Where children are involved, courts are absolutely the place of last resort. Indeed the courts won’t make orders in relation to children unless they are necessary. I offer Mediation and Collaborative services where you can discuss your children in a supported environment. There are also a number of other services that can offer help and support such as Parenting after Parting classes and family consultants who can help you draw up a parenting plan. What I have learned over the years is that parents should never put their children in the position of having to choose between them. They should also present a united front to their children if at all possible and should never denigrate the other parent in front of them. This can be especially hurtful – after all the other parent is the other half of your child. Where possible tell your children together that you are separating. Make a plan and prepare a script that you will both stick to. Don’t blame the other parent and above all reassure your child that they have done nothing wrong and that you both love them very much.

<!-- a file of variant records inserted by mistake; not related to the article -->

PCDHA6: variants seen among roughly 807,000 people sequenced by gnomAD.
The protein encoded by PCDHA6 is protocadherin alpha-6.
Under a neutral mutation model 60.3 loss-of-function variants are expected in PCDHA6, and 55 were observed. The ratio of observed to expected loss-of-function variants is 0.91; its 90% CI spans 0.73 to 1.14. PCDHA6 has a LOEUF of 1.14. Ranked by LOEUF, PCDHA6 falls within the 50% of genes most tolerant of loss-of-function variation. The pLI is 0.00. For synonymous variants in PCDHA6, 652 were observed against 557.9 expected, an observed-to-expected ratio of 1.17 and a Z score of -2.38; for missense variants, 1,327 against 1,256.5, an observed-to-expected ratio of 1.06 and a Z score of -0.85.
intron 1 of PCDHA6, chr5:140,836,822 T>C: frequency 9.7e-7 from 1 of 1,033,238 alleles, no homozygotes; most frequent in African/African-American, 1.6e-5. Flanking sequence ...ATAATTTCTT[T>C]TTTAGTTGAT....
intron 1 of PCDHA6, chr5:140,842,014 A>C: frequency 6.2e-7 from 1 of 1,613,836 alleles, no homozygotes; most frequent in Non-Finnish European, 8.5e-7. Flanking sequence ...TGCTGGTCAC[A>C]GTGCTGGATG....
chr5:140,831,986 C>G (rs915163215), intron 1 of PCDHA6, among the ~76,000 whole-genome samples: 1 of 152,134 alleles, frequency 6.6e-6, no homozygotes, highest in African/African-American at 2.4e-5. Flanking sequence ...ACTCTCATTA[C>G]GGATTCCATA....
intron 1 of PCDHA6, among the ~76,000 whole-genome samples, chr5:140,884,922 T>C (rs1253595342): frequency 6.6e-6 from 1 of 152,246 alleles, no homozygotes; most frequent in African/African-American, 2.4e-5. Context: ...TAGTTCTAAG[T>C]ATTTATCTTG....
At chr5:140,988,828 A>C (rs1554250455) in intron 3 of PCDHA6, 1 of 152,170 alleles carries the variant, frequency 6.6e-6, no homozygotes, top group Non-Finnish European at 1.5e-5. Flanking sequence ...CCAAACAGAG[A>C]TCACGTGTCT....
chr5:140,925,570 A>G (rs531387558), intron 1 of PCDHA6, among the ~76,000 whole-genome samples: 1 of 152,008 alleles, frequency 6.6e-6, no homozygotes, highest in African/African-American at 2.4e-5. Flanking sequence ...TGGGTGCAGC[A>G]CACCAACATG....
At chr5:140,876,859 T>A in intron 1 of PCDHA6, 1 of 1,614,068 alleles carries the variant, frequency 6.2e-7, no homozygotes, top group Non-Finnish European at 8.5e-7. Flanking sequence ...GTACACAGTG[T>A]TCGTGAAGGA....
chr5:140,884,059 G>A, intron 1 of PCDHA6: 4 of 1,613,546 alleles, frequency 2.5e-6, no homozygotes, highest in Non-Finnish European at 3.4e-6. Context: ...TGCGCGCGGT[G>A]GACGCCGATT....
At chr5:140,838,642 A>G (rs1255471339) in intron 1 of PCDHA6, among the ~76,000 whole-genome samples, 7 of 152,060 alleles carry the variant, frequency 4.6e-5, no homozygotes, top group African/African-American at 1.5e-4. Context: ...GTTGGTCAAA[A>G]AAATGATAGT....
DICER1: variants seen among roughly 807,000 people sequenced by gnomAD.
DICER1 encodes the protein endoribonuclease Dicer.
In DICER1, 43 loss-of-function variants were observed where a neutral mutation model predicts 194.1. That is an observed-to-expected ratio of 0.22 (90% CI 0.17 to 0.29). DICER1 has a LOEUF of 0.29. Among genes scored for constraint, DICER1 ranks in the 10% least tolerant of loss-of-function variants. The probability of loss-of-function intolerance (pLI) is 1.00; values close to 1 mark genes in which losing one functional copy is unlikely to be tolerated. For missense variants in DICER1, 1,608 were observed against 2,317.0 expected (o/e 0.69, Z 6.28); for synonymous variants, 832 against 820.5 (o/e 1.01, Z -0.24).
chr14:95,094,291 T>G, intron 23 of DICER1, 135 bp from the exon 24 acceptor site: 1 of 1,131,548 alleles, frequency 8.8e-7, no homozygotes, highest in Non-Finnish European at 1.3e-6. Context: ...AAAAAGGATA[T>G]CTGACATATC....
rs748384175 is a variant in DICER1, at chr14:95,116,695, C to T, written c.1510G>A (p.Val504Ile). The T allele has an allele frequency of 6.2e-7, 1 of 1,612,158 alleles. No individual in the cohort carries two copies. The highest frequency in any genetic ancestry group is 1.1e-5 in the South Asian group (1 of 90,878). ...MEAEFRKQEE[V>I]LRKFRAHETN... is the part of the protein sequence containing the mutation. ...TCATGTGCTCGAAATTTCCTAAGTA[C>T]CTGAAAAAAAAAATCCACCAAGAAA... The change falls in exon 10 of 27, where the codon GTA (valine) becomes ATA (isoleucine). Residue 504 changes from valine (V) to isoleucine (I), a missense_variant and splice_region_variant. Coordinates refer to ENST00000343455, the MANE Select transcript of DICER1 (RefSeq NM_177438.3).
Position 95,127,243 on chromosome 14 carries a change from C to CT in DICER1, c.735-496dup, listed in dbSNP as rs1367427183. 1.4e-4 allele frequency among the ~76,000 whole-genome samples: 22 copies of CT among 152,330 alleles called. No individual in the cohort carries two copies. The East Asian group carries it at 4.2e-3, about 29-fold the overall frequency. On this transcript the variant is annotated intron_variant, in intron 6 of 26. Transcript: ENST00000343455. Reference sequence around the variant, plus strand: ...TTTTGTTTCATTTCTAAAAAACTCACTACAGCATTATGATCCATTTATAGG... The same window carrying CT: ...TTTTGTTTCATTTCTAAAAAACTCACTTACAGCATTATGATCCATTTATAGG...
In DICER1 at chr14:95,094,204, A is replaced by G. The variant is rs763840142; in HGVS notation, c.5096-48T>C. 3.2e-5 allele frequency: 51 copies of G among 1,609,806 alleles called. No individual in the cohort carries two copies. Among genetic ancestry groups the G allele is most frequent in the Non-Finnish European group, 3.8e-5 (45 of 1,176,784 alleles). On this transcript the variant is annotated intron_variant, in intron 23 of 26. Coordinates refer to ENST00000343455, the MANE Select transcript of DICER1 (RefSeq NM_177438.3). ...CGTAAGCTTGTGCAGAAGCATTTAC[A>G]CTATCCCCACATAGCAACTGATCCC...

If you are married or if unmarried and the father is on the birth certificate and the child was born after 2006 both parents will have parental rights and responsibilities.
Even if you have parental rights and responsibilities you may still need to apply to the court for an order. If you are unmarried and not on the child’s birth certificate you will need to apply for a declarator of paternity before going on to ask the court for an order. This can be done in the same court action.
If you have to go to court there are a number of different orders the courts can make:
A Residence Order -
this states where a child should reside. The court can make such an order in favour of more than one person, stipulating how long the child should spend with each parent. In a shared care arrangement for example both parents could have a residence order